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Constant changes undermine health law’s efficacy

Katherine Restrepo Contributing Columnist

April 21, 2014

By the looks of it, the individual mandate is almost devoid of life. This tax once was viewed as the centerpiece of the federal health law. Without this critical element of government coercion — imposing a tax on people who refused to purchase acceptable insurance coverage — Obamacare could not work to its full capacity.


Now that the initial enrollment period to #GetCovered officially has ended (more or less), those who go uninsured for more than three consecutive months in 2014 may have to pay the greater of $95 or 1 percent of annual income. If someone does forgo health insurance for longer than a three-month window, the penalty amount will be prorated for the amount of time uninsured.


The 1 percent penalty applies to those who file federal taxes, including the deductions of $10,150 for an individual, $13,050 for head of household and $20,300 for married couples filing jointly.


So an individual making $50,000 a year who either refuses to purchase health insurance or has coverage that does not meet government standards would have to pay a penalty/tax of $398.50. ($50,000 - $10,150 = $39,950 X .01 = $398.50).


The Kaiser Family Foundation provides some more examples and details on the penalty here. While the penalty does increase in years to come, consider it an annoying tax the feds have imposed at a steep discount for the time being.


And due to the lengthy lists of penalty exemptions and hardship exemptions, the individual mandate really lacks muscle. Exemptions apply to people who do not file federal taxes; whose premiums for the lowest-cost compliant plan available exceed 8 percent of their income or who do not have health insurance for less than three months at a time.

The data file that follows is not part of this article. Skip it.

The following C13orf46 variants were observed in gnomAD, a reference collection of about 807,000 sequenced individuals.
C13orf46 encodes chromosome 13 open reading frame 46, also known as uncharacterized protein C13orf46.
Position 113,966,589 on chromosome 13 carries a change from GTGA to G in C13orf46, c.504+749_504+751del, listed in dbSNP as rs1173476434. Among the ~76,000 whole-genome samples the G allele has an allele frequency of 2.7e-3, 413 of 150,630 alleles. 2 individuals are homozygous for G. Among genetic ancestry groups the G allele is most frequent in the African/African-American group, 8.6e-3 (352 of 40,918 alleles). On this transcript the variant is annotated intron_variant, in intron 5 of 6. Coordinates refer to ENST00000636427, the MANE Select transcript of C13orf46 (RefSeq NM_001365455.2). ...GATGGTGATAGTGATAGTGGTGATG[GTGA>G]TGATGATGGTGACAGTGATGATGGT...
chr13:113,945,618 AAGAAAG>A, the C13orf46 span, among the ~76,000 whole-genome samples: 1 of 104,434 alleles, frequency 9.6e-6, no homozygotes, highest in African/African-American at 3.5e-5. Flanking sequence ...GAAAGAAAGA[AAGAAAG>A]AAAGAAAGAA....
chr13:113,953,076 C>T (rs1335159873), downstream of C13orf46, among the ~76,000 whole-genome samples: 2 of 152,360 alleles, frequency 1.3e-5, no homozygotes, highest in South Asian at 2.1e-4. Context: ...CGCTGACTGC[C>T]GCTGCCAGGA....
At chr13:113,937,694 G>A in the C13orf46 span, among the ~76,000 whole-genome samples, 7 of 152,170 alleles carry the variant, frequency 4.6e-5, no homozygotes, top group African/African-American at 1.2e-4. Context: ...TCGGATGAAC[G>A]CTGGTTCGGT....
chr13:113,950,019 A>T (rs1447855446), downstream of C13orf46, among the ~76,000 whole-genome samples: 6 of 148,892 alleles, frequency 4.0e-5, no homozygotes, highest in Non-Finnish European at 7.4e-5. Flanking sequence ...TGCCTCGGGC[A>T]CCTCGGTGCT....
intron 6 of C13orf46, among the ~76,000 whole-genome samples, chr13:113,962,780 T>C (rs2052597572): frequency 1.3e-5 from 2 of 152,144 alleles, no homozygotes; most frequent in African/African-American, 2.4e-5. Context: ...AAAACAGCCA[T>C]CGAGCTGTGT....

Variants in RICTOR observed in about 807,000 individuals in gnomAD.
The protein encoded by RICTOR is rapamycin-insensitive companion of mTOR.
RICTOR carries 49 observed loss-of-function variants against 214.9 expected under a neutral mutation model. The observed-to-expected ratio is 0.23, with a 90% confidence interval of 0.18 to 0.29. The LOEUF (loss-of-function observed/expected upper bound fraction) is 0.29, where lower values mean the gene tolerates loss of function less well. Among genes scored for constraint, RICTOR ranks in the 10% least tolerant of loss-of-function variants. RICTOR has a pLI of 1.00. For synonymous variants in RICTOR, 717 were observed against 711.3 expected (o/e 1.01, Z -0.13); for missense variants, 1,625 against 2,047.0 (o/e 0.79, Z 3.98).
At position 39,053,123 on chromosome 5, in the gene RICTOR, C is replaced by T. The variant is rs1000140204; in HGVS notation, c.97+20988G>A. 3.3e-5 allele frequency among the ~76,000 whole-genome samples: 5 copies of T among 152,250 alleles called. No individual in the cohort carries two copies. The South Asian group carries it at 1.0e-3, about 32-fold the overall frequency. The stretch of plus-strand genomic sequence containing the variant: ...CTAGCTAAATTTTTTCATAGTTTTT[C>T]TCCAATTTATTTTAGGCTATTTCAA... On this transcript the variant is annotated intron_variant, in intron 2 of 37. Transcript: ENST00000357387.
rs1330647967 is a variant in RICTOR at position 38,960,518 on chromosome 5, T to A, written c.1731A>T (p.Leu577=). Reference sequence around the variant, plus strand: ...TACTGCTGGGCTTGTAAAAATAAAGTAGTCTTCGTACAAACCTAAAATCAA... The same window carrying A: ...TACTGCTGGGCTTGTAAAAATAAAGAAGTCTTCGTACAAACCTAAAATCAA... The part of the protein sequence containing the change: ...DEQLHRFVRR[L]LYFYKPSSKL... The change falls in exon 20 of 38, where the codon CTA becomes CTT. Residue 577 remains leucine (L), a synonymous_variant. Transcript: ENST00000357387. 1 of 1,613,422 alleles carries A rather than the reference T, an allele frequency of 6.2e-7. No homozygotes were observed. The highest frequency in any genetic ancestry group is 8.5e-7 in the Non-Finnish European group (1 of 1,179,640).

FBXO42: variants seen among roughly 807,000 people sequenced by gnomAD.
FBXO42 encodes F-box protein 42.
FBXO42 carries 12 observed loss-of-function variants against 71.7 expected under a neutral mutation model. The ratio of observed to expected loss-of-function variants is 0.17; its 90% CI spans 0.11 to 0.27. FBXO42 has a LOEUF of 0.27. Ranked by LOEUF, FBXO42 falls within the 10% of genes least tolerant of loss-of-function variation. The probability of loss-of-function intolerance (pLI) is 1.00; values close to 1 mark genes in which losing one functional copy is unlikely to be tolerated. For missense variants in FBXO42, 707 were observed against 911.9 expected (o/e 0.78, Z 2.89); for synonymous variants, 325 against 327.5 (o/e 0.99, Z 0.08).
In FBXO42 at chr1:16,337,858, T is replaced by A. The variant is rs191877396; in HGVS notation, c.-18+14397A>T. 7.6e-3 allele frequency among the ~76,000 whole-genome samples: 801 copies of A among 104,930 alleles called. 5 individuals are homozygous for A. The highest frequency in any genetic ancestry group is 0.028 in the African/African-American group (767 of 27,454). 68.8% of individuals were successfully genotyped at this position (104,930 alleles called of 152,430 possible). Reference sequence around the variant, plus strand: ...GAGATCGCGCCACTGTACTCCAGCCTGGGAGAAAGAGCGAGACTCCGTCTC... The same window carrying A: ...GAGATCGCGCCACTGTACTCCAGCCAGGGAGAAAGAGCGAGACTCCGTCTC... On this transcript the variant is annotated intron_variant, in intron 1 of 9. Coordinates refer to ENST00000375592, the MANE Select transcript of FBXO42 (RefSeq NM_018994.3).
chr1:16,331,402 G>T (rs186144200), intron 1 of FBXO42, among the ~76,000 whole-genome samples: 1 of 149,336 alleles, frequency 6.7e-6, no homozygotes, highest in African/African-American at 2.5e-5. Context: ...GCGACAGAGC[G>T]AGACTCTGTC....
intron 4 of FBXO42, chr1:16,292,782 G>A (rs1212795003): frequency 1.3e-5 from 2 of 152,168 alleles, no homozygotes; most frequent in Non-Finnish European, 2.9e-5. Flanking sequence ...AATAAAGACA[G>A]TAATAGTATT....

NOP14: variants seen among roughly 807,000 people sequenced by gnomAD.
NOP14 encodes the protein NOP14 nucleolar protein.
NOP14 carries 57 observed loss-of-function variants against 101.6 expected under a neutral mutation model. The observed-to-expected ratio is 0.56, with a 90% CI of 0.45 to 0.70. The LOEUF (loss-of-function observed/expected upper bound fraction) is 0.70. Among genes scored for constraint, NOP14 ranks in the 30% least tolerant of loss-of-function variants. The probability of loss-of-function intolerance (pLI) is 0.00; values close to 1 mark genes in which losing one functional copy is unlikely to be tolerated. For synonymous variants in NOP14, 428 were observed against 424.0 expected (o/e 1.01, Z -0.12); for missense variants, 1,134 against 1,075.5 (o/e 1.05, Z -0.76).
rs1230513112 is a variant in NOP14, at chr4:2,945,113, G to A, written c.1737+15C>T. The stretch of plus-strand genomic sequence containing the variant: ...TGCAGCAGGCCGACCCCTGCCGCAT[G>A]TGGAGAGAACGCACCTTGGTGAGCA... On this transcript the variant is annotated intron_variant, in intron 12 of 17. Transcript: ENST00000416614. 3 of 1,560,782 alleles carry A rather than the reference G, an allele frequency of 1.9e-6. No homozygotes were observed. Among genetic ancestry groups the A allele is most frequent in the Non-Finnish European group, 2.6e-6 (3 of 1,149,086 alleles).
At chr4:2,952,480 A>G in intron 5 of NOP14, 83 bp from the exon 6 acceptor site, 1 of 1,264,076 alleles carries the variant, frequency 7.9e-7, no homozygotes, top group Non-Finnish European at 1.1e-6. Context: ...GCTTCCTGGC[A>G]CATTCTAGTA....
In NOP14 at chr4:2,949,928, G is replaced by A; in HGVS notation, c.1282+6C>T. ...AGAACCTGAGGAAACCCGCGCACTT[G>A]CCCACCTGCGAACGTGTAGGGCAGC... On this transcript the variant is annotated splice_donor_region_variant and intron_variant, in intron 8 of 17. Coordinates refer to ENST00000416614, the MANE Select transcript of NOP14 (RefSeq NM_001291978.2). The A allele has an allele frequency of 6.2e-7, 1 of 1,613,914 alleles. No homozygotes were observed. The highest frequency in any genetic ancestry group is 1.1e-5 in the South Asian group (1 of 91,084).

And there are additional “hardship” exemptions. From healthcare.gov, those who don’t have to buy an Obamacare plan include individuals who would have been eligible for Medicaid if their state opted for Medicaid expansion; are homeless, were evicted, or had utilities turned off due to lack of payment; are victims of domestic violence; experienced the death of a “close family member;” had medical expenses that were unable to be paid over the last 24 months or experienced unexpected increases in necessary expenses due to caring for an ill, disabled, or aging family member.


But wait. There’s more. The turbulent rollout of state and federal health insurance exchanges last October prompted the Obama administration to add two more hardship exemptions. You will not have to pay a fee if your individual insurance plan was canceled and you believe other marketplace plans are unaffordable or if you’ve had difficulty obtaining health insurance in some way.


Although Blue Cross and Blue Shield of North Carolina has heeded the Obama administration’s request to reinstate canceled policies for another year and perhaps even longer, the those final two exemptions are being enforced on the honor system — if a patient says she’s had trouble, then insurers have to accept that explanation.


The point of the mandate is to get people to sign up for a federally qualified health plan on Obamacare’s exchanges. It is an attempt to have young, healthy individuals sign up for these plans and offset the cost of covering those with pre-existing conditions in the individual market insurance pool. It is an attempt to reduce the number of uninsured.


The administration fancifully thought that the majority of people would steer themselves away from Uncle Sam’s miniscule tax (for the first year at least) and purchase an expensive Obamacare plan built off government price controls. But the administration’s constant changes to the law continue the gradual erosion of the individual mandate’s efficacy.


Katherine Restrepo is health and human services policy analyst for the John Locke Foundation.